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And crop-full out of -doors he flings,
Ere the first cock his matin rings.
Thus done the tales, to bed they creep,
By whisp'ring winds foon lull'd alleep.
Towred cities please us then,
And the busy hum of men,
Where throngs of knights and barons bold
In weeds of peace high triumphs hold,
With store of ladies, whose bright eyes
Rain influence, and judge the prize
Of wit, or arms, while both contend
To win her

grace,

whom all commend. There let Hymen oft appear In saffron robe, with taper clear,

I 20

125

And

119. Where throngs of knights and by this, that Milton's favorite dra

barons bold &c] It may per- matic entertainments were Johnhaps be objected that this is a little son's Comedies, and Shakespear's unnatural, since tilts and tornea- Plays : and in a few words he ments were disus’d, when Milton touches the distinguishing characwrote this poem : But when one teristics of these two famous poets, confiders how short a time they the art of Johnson and nature of had been laid aside, and what a Shakespear, the learning of the considerable figure these make in one and the genius of the other : Milton's favorite authors, his in- and there is this farther propriety troducing them here is easily ac- in his praising of Shakespear, that counted for, and I think as easily while he commends, he imitates to be excus'a. Thyer.

him. Love's Labor's lost, Act i. 132. If yohnson's &c ] We see Sc. 1.

130

And pomp, and feast, and revelry,
With mask, and antique pageantry,
Such fights as youthful poets dream
On summer eves by haunted stream.
Then to the well-trod stage anon,
If Johnson's learned sock be on,
Or sweetest Shakespear, fancy's child,
Warble his native wood-notes wild.
And ever against eating cares,
Lap me in soft Lydian airs,
Marțied to immortal verse,
Such as the meeting foul may pierce
In notes, with

many a winding bout Of linked sweetness long drawn out,

135

140

With

This cbild of fancy, that Armado charming passage, but in every hight.

other where he has occasion to de

scribe the power of music, which 135. And ever against eating cares, shows how fond he was of it, and

Lap me in foft Lydian airs, &c.] finely exemplifies Horace's maxim, So also in the Mak fpeaking of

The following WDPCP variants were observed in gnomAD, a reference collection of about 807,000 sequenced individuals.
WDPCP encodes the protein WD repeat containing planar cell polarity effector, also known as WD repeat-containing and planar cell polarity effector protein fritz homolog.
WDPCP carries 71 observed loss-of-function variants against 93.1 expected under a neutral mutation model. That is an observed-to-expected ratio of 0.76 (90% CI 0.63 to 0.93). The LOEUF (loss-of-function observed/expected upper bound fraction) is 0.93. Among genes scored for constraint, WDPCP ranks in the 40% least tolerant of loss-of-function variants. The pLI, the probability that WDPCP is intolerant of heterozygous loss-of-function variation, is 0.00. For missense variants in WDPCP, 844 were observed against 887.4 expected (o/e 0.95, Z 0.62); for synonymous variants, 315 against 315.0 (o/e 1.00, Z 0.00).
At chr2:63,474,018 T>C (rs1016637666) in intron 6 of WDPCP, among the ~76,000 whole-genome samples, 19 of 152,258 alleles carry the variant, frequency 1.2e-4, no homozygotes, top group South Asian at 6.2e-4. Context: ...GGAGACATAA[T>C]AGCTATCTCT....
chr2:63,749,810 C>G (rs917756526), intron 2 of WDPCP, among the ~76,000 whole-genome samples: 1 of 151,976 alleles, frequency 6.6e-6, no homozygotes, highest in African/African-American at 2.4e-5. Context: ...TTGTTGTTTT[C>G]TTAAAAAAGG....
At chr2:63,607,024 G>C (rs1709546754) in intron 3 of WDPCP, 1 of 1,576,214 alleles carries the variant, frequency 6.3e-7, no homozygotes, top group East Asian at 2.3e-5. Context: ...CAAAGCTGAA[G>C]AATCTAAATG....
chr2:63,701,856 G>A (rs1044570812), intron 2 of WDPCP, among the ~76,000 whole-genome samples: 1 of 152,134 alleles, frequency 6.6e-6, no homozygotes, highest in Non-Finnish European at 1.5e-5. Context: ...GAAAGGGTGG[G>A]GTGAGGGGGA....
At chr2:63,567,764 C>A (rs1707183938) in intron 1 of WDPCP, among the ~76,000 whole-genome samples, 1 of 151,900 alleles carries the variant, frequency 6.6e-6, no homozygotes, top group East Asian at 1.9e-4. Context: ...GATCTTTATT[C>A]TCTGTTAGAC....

Verbaque provisam rem non inCirce and the Sirens,

vita fequentur. Thyer. Who as they sung, would take The Lydian music was very soft the prison'd soul,

and sweet, and according to Car And läp it in Elysium

fiodorus (Varior. lib. 2. ep. 40. ad It

may be observ'd that Milton's Boethium) contra nimias curas,aniimagination glows with a particu- mæque tædia reperta, remisione lar brightness "not only in this reparabat et oblectatione animos

corro

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145

With wanton heed, and giddy cunning,
The melting voice through mazes running,
Untwisting all the chains that ty
The hidden foul of harmony;
That Orpheus self may

heave his head
From golden slumber on a bed
Of heapt Elysian flow'rs, and hear
Such strains as would have won the ear
Of Pluto, to have quite fet free
His half regain’d Eurydice.

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156 These

corroborabat. And fo Dryden length in the notes upon the third in his excellent Ode on St. Cecilia's Act of the Merry Wives of Wind. day.

for in Mr. Warburton's edition. Softly sweet, in Lydiar measures, Soon he footh'd his soul to plea- melancholy man; and Mr. Thyer

* Il Penferoso is the thoughtful fures.

concurred with me in observing 151. These delights if thou cans that this poem both in its model give,

and principal circumstances is taken Mirth, with thee I mean to live.] from a long in praise of melanThe concluding turn of this and choly in Fletcher's Comedy called the following poem is borrow'd The Nice Valor or Paffonate Madfrom the conclusion of two beau- man. The reader will not be diftiful little pieces of Shakespear, pleas'd to see it here, as it is well intitled The Passionate Shepherd worth transcribing. to his Love, and the Nymph's Reply to the Shepherd;

Hence all you vain delights, If these delights thy mind may

As short as are the nights

Wherein you spend your move, Then live with me, and be my

folly; love.

There's nought in this life

sweet, These two poems are printed at

If

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C. Grignion fculp.

F. Hayman

m.

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